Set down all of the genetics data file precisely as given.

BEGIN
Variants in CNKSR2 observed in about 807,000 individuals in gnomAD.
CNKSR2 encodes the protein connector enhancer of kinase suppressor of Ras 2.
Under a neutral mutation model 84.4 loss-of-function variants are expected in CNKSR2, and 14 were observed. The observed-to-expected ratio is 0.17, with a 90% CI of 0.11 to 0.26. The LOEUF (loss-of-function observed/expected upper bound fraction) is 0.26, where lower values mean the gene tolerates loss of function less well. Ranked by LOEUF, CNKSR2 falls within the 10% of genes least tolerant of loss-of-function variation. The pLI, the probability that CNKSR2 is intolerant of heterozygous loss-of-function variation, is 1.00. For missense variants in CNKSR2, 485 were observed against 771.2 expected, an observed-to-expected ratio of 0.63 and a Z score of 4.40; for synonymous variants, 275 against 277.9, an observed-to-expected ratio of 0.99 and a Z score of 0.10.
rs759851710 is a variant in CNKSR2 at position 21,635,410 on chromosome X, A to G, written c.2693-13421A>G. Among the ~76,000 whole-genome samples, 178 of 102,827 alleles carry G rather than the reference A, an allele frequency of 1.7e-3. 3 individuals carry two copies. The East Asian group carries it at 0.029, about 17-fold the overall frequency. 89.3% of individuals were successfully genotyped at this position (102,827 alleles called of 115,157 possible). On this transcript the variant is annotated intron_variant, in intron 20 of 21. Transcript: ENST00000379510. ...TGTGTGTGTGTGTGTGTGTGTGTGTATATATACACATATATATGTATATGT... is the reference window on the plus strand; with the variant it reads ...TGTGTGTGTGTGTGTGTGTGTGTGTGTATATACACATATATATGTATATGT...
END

Variants in CNKSR2 observed in about 807,000 individuals in gnomAD.
CNKSR2 encodes the protein connector enhancer of kinase suppressor of Ras 2.
Under a neutral mutation model 84.4 loss-of-function variants are expected in CNKSR2, and 14 were observed. The observed-to-expected ratio is 0.17, with a 90% CI of 0.11 to 0.26. The LOEUF (loss-of-function observed/expected upper bound fraction) is 0.26, where lower values mean the gene tolerates loss of function less well. Ranked by LOEUF, CNKSR2 falls within the 10% of genes least tolerant of loss-of-function variation. The pLI, the probability that CNKSR2 is intolerant of heterozygous loss-of-function variation, is 1.00. For missense variants in CNKSR2, 485 were observed against 771.2 expected, an observed-to-expected ratio of 0.63 and a Z score of 4.40; for synonymous variants, 275 against 277.9, an observed-to-expected ratio of 0.99 and a Z score of 0.10.
rs759851710 is a variant in CNKSR2 at position 21,635,410 on chromosome X, A to G, written c.2693-13421A>G. Among the ~76,000 whole-genome samples, 178 of 102,827 alleles carry G rather than the reference A, an allele frequency of 1.7e-3. 3 individuals carry two copies. The East Asian group carries it at 0.029, about 17-fold the overall frequency. 89.3% of individuals were successfully genotyped at this position (102,827 alleles called of 115,157 possible). On this transcript the variant is annotated intron_variant, in intron 20 of 21. Transcript: ENST00000379510. ...TGTGTGTGTGTGTGTGTGTGTGTGTATATATACACATATATATGTATATGT... is the reference window on the plus strand; with the variant it reads ...TGTGTGTGTGTGTGTGTGTGTGTGTGTATATACACATATATATGTATATGT...